Pound plummets to new low over rate-cut fears
Thursday 30 November 1995
The pound touched its all-time low against other important currencies yesterday, as foreign exchange dealers convinced themselves that the Chancellor, Kenneth Clarke, was poised to cut interest rates in the wake of the Budget. Gilts and shares celebrated.
The pound's trade weighted index dropped to 82.2 - the worst on record - against a range of other currencies before recovering to 82.4. It lost more than a pfennig against the German mark and more than a cent against the dollar. But the FT-SE 100-share index ended nearly 7 points higher at 3655.5.
Mr Clarke said yesterday: "I decide interest rates and I have not told anybody that they are coming down." He added that he had been known to surprise the financial markets in the past.
Even so, the short sterling futures market, which bets on future base rate levels, is counting on lower rates before the end of the year and a full half-point reduction from the current level of 6.75 per cent before the end of March.
Some analysts were more cautious, however. Adam Cole, UK economist at the broker James Capel, thought there would be a cut. "It is a question of when rather than whether - but I think we will have to wait until the new year," he said.
Simon Briscoe of Nikko Securities said: "The City has been left in the lurch. The prospects for interest rates are far more uncertain after the Budget than before."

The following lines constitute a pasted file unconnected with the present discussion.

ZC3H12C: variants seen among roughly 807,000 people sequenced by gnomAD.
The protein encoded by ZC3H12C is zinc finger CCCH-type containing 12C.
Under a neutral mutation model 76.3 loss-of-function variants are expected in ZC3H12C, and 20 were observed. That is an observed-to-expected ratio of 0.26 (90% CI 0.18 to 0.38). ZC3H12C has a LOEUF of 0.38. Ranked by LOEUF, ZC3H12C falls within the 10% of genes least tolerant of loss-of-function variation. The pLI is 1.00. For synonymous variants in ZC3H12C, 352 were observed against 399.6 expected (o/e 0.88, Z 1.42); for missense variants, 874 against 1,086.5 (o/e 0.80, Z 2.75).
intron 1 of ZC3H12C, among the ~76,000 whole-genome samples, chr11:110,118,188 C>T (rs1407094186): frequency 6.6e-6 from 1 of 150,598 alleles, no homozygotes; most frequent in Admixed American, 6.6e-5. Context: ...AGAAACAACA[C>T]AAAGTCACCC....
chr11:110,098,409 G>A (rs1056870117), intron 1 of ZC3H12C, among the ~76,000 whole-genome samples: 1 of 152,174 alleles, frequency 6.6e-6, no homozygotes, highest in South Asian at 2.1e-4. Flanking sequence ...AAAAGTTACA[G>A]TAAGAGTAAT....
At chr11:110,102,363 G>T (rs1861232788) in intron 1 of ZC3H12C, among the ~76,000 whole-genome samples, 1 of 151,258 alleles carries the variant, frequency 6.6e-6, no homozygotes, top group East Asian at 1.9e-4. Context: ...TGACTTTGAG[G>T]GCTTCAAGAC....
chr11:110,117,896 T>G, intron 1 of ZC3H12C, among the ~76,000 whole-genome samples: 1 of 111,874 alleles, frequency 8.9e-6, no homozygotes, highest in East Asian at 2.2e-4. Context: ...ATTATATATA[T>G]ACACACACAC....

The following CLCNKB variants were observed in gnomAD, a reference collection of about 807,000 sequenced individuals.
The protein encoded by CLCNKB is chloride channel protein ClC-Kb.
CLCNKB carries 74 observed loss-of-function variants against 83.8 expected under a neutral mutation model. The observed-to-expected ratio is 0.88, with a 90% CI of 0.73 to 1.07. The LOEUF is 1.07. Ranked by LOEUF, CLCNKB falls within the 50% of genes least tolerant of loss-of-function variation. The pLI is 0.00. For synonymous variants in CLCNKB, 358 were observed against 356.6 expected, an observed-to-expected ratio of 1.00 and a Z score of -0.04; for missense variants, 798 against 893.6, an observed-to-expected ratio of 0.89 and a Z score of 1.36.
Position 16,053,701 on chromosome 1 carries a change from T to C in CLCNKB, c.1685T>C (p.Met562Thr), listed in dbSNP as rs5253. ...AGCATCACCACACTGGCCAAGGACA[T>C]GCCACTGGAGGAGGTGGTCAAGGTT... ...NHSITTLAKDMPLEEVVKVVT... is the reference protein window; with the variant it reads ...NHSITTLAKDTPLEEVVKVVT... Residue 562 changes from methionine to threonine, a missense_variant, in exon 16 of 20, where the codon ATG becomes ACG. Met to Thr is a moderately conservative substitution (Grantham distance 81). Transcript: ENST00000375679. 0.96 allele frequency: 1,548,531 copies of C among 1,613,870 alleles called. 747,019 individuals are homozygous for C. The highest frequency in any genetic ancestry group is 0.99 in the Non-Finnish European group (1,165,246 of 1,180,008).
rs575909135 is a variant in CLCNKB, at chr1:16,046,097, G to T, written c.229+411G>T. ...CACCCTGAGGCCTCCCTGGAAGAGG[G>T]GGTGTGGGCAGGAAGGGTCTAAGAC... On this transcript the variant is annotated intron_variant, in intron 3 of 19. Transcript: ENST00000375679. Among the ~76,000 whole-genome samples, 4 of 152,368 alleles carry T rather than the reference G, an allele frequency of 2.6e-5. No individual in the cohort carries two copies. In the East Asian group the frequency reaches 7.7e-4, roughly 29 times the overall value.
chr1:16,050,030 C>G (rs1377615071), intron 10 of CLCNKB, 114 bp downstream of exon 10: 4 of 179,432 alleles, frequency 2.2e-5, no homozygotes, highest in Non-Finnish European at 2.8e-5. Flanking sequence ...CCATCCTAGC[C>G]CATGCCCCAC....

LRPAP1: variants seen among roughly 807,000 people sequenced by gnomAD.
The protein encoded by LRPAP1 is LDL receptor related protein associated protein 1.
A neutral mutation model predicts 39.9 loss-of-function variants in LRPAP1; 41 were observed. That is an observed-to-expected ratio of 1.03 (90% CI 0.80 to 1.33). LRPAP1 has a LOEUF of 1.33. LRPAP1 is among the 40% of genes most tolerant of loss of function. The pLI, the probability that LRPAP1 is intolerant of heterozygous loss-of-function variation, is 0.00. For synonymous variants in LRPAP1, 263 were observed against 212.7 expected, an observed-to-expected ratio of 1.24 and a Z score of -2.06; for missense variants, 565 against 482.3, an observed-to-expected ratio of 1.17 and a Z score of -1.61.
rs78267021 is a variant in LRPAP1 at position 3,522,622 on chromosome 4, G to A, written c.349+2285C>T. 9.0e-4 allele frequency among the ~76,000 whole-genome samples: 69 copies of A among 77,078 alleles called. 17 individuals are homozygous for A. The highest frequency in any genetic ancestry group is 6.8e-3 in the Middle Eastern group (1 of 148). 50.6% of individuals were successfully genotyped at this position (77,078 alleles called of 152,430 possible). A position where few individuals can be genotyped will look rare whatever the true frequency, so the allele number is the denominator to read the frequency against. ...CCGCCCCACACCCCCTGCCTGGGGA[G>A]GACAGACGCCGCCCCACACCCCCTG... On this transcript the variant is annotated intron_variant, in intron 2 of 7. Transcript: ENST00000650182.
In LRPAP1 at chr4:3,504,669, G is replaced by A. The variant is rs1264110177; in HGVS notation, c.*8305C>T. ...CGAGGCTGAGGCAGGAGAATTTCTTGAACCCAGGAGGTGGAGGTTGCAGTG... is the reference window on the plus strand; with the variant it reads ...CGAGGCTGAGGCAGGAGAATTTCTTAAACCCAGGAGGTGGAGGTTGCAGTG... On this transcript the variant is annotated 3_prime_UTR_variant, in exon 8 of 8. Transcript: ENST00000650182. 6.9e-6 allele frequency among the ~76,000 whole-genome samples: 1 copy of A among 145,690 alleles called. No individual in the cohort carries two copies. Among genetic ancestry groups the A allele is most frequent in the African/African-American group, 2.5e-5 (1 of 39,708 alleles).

He added that yesterday's announcement of lower mortgage rates by key lenders would reduce any need for the Chancellor to act when he and the Governor of the Bank of England meet to discuss monetary policy on 13 December.
The main reason to doubt an early move, however, is the Treasury's optimistic forecast for the economy next year. It surprised independent economists with a prediction that GDP will grow by 3 per cent thanks to buoyant consumer spending and exports.
David Miles, at the investment bank Merrill Lynch, said it would be difficult for Mr Clarke to persuade Mr George there was a strong case for lower interest rates at a time when he was so cheerful about economic prospects.
Mr Clarke vigorously defended his Budget yesterday. He said the slowdown was only a pause and the recovery would be sustained. "We are not going back to boom and bust." He said the forecast of a return to buoyant growth next year did not assume base rate cuts.
Analysts said the higher government borrowing announced in the Budget also dampened the chance of a drop in base rates. Although some suspected the figures were deliberately pessimistic so that borrowing would turn out lower than expected next year, Mr Clarke insisted yesterday his new forecasts were honest: "Some past Chancellors have put in figures that they dreamt up rather than the ones they worked out."
The Bank of England said further gilt sales required between now and the end of the financial year would amount to pounds 14.9bn, or just over pounds 3.7bn a month.
The Bank of England announced the new schedule for funding the borrowing requirement, in line with the higher figures in the Budget. There will be a pounds 3bn gilt auction next Wednesday, and an extra auction in February.
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